Skip to main content

Search Google Appliance

Search Google Appliance

Decision No. 17,448

Appeal of B.N. and J.N., on behalf of their children B.N., T.N., L.N., and E.N., from action of the Board of Education of the Sauquoit Valley Central School District regarding residency.

Decision No. 17,448

(July 16, 2018)

Ferrara, Fiorenza, Larrison, Barrett & Rietz, P.C., attorneys for respondent, Catherine E. M. Muskin, Esq., of counsel

ELIA, Commmissioner.--Petitioners appeal the determination of the Board of Education of the Sauquoit Valley Central School District (“respondent”) that their children (the “students”), are not homeless within the meaning of the McKinney-Vento Homeless Assistance Act (42 USC §11431 et seq., “McKinney-Vento”) and, therefore, are not entitled to attend its schools or receive transportation.  The appeal must be dismissed. 

Prior to the events described in this appeal, the students were enrolled in respondent’s district.  According to an affidavit from respondent’s superintendent of schools (“superintendent”) submitted with this appeal, he met with petitioner J.N. on July 20, 2017, to “discuss the status of [the children] with respect to their eligibility to enroll in the schools within [the] [s]chool [d]istrict.”[1]  The affidavit indicates that petitioner J.E. stated that she, petitioner B.N. and the students were living with petitioner B.N.’s mother at an address located outside the geographical confines of respondent’s school district (“out-of-district address”). 

By letter dated July 27, 2017, the superintendent notified petitioners of his determination that students B.N., E.N. and L.N. were not entitled to attend the schools of the district because “they are not a resident of the [d]istrict and are not homeless.” The letter further stated that B.N., E.N. and L.N. would be excluded from the schools of respondent’s district “effective as of August 27, 2017.”

By letter dated August 4, 2017, the superintendent notified petitioners of his decision that student T.N. was not entitled to attend the schools of the district because T.N. “is not a resident of the [d]istrict and is not homeless.”  The letter further advised that T.N. would be excluded from the schools of respondent’s district “effective as of September 4, 2017.”  This appeal ensued. 

Petitioners contend that the students are homeless and, therefore, should be allowed to continue attending school in respondent’s district.  Petitioners assert that they and the students are “sharing the housing of other persons due to loss of housing, economic hardship or a similar reason.”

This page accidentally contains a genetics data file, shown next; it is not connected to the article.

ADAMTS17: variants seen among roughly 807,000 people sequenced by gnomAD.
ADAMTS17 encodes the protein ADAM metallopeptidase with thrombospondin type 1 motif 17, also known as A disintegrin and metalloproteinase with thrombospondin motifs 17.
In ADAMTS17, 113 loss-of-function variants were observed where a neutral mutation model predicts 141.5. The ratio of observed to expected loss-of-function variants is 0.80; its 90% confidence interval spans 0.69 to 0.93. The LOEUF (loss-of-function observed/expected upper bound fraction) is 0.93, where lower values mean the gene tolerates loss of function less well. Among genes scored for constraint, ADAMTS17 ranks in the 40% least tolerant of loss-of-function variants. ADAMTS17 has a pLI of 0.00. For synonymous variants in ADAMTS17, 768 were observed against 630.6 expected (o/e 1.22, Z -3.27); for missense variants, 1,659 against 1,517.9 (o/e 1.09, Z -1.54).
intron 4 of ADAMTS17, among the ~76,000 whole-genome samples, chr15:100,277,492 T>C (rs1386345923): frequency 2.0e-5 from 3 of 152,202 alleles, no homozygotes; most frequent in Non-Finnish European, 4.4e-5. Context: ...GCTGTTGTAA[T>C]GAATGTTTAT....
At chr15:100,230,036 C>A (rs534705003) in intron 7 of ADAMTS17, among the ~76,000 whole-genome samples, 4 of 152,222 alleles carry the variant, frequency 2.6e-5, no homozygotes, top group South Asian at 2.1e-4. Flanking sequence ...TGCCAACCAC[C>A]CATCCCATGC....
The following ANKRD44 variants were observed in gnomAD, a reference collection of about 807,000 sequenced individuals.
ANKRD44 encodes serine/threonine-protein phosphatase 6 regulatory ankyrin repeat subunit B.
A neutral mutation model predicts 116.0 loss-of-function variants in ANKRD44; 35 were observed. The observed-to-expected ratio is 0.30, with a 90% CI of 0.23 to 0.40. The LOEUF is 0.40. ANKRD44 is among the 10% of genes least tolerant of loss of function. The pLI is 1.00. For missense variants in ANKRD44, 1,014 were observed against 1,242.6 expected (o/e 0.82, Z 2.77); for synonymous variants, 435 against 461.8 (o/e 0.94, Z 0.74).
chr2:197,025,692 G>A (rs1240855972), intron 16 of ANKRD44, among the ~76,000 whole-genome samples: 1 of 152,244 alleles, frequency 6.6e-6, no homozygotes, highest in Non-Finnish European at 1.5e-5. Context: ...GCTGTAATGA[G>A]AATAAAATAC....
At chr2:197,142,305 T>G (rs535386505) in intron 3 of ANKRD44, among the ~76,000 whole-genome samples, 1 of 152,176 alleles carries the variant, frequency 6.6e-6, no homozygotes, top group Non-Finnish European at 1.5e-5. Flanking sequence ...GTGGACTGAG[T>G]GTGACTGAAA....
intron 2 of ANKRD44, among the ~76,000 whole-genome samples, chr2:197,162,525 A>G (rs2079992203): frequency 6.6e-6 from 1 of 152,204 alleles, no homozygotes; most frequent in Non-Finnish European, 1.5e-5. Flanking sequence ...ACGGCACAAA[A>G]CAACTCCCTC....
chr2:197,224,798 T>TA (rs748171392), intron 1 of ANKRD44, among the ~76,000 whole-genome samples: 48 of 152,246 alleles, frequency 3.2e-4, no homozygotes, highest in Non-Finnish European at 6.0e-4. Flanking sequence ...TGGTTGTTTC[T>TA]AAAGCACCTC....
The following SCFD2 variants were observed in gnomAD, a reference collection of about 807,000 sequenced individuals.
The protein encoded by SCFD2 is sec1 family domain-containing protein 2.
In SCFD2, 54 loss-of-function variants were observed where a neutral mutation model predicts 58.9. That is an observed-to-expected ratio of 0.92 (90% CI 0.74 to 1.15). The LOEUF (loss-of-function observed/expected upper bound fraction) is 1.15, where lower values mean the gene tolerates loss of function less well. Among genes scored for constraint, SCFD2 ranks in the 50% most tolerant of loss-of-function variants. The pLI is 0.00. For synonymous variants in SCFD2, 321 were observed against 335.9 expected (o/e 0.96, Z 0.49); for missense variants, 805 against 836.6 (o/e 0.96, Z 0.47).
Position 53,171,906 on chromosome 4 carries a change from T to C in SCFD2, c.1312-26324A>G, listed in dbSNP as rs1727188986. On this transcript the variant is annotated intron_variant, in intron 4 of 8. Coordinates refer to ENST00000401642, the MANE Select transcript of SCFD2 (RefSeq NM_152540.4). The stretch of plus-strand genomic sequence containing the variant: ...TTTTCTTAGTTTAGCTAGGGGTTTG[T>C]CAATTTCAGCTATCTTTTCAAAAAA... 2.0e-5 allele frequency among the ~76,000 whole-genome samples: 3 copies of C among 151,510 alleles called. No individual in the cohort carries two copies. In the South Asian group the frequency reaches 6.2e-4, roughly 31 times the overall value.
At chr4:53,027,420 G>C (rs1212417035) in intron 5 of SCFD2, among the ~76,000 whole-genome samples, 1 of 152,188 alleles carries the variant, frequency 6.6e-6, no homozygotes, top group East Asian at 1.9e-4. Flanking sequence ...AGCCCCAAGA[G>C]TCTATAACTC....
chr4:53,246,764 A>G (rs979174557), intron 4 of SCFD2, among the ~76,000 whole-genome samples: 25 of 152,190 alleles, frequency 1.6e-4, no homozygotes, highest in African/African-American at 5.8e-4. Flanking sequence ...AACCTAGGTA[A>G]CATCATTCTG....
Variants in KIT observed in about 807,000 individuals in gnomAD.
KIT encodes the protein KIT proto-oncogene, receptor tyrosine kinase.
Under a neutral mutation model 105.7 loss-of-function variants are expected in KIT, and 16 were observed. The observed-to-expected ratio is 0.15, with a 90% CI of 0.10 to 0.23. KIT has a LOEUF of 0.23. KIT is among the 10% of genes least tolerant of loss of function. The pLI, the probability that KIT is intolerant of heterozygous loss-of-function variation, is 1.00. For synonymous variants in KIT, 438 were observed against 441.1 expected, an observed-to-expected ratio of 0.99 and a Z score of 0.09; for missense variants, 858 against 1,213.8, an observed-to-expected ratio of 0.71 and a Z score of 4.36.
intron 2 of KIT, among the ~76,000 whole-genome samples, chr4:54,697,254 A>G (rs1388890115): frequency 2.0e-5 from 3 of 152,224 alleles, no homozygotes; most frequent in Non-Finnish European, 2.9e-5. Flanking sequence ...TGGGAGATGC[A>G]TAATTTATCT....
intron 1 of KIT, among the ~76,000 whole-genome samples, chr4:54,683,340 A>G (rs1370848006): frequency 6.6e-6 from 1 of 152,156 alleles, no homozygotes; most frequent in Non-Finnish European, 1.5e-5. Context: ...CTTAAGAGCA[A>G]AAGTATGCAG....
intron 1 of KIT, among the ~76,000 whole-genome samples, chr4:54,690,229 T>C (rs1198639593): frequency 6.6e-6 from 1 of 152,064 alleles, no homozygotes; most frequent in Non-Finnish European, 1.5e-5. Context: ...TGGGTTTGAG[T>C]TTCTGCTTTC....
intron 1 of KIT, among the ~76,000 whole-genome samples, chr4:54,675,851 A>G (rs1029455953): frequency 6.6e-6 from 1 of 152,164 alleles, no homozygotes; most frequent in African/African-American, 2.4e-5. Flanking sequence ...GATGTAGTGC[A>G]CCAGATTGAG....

Respondent argues that petitioners and the students “are not, and never have been, homeless within the meaning of the [law].”  Respondent asserts that its determination “was made in good faith based on a diligent investigation” and that it complied with all applicable laws, rules and regulations.  Respondent further argues that the petition, with respect to three of the students, must be dismissed as untimely.

I must first address a procedural matter.  The purpose of a reply is to respond to new material or affirmative defenses set forth in an answer (8 NYCRR §§275.3 and 275.14).  A reply is not meant to buttress allegations in the petition or to belatedly add assertions that should have been in the petition (Appeal of Nappi, 57 Ed Dept Rep, Decision No. 17,300; Appeal of Caswell, 48 id. 472, Decision No. 15,920; Appeal of Hinson, 48 id. 437, Decision No. 15,908).  Therefore, while I have reviewed the reply, I have not considered those portions containing new allegations or exhibits that are not responsive to new material or affirmative defenses set forth in the answer.

Next, respondent argues that the appeal, as it relates to students B.N., E.N. and L.N., must be dismissed as untimely.  An appeal to the Commissioner must be commenced within 30 days from the making of the decision or the performance of the act complained of, unless any delay is excused by the Commissioner for good cause shown (8 NYCRR §275.16; Appeal of Saxena, 57 Ed Dept Rep, Decision No. 17,239; Appeal of Lippolt, 48 id. 457, Decision No. 15,914).  The Commissioner has previously held that an appeal is timely when commenced within 30 days of receiving the determination (Appeal of G.H. and S.H., 57 Ed Dept Rep, Decision No. 17,269; Appeal of C.S., 48 id. 497, Decision No. 15,929).  When the record does not indicate when petitioner actually received the determination, the date of receipt is calculated by affording the usual five days for mailing, excluding Sundays and holidays (Appeal of G.H. and S.H., 57 Ed Dept Rep, Decision No. 17,269; Appeal of K.W., 48 id. 451, Decision No. 15,912).